Careers After Age 50

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Job SearchJob hunters over age 50 may be apprehensive about the job market for fear of being discriminated against due to age, having their salary compromised because of being “over-qualified”, or not having enough stimulating job choices. However, today’s job market isn’t just tailored for young college graduates.

There are several positions that can only be filled by experienced individuals who can bring their knowledge, wisdom, and reliability to the table. Bruce Blackwell, a consultant at the Career Strategies Group in New York, said, “There are some very challenging and energizing careers for people with some gray in their hair. By 50-something, one should have developed good ‘people reading’ skills and have heightened emotional intelligence. This gives a person an ability to listen well and respond appropriately, two critical factors in sales and client-service success.” Here are 8 careers that 50-somethings and retirees could thrive in:

1. Career coach. Amy Logan, director of public relations at the Coaches Training Institute, says that those over age 50 are ideal candidates for jobs as career or executive coaches. “Some of the most successful life and executive coaches are over 50 and have already had other careers from which they draw business experience,” Logan says. She furthers, “Their age works to their advantage because they are more likely to be perceived as wise and trustworthy, essential qualities for a coach.”

2. Medical assistant. The healthcare industry has thrived in recent years, with over 14 million jobs as of 2008 and an expected 3 million increase by 2018, according to the Bureau of Labor Statistics. Medical assistants, specifically, are one of the most robust positions in the health care industry. The Bureau expects total employment for medical assistants to increase 34% by 2018.

3. Assisted-living facility professional. At assisted-living facilities, elderly residents don’t need round-the-clock medical monitoring like they would in a nursing home, but often require more attention than they would receive at home alone. An assisted-living facility professional is there to help with residents’ daily activities or to provide aide with medications, outings, etc. This position is well-suited to a person over 50, partially because senior citizens may prefer to be assisted by someone whose age reflects experience. Amira Ruben, spokeswoman for Atria Senior Living, claims that “America’s aging population has created a demand for these jobs, which are a good fit for people over age 50.” She adds, “At Atria, the 50-plus employee makes up about 35% of our workforce.”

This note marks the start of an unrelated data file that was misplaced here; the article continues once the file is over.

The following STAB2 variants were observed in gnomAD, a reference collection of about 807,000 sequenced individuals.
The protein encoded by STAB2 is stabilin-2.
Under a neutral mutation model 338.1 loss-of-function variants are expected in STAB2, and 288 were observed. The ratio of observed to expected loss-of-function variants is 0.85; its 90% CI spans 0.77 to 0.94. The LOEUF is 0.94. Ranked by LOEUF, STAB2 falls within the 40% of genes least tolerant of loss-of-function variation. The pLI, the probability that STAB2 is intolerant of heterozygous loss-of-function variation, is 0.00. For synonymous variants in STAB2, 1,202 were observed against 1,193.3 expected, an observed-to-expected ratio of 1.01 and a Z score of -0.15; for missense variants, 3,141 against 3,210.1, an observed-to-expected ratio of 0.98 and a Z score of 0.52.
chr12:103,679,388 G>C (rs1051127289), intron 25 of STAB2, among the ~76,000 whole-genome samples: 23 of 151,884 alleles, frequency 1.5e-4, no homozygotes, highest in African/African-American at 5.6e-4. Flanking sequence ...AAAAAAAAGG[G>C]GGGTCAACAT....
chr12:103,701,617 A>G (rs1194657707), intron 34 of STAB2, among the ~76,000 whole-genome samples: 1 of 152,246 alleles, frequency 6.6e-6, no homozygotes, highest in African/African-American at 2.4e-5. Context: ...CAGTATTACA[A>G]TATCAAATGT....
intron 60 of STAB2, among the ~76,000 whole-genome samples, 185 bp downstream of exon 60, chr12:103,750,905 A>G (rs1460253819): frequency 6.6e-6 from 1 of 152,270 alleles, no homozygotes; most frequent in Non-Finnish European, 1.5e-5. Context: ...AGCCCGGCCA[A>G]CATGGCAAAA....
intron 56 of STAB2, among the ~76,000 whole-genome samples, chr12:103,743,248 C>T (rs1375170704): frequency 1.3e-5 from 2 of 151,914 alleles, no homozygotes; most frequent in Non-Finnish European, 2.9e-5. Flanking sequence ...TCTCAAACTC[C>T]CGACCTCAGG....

4. Tour guide. A career as a tour guide is a fun and unique way to earn extra money after retirement. It allows you to see more of the world and communicate with others on a regular basis. Jacquie Whitt, co-founder and director of United States operations for Adios Adventure Travel in South America, says, “The travel industry offers lots of options to those of us who have experience traveling and who can handle the pressure and the expectations of today’s travelers.”

5. Private investigator. While this may fall into the category of “fantasy jobs,” it differs from others in that it is actually possible to find work in this field. Jim Tielebein, a private investigator in Independence, Iowa says, “Life experience prior to this career has been very helpful, [and allows me to] leverage life experience, critical thinking and writing ability to a better-than-average rate of pay.”

6. Sustainability coordinator. A sustainability coordinator helps businesses develop and implement initiatives that are environmentally conscious. Steve Langerud, executive coach, says, “Many professionals have broad project-management experience including facilities and operations. By adding content knowledge in green and sustainable practices, they are well-positioned to help a broad range of organizations and businesses take strides into developing intentional sustainability initiatives. People over 50 have the experience, credibility and sensibilities to navigate this role.”

7. Ghostwriter. If you’re a creative person and want to get paid for it, there are opportunities in the world of writing for you. Ghostwriting allows you to the opportunity to earn a nice living and often gives you more freedom than a position in an office environment. According to MSN Money, “A casual perusal of autobiographies at any bookstore will turn up dozens of books that have been written by people other than those whose names appear on the spines.”

8. Home care assistant. Along the same lines as assisted-living facilities professionals, home care assistants are in high demand and are better-suited for those over age 50 because elderly patients may trust them with their well-being more than a younger assistant. “Many retirees today who want to find more satisfaction in contributing to society are finding great satisfaction and enjoyment in private-duty home care. Whether someone wants to own a nonmedical agency or simply work a few hours a week, the opportunities are there,” said Angil Tarach-Ritchey, owner and director of the Visiting Angels private-duty home-care agency in Michigan.

Turning 50 doesn’t mean you have to be stuck in a career you don’t enjoy or in positions you are significantly over-qualified for. If you’d like advice on searching for a new career path, and the financial implications that result, give us a call. We’d be happy to talk with you and help in any way we can.

Citation:
http://money.msn.com/baby-boomers/10-new-careers-after-age-50

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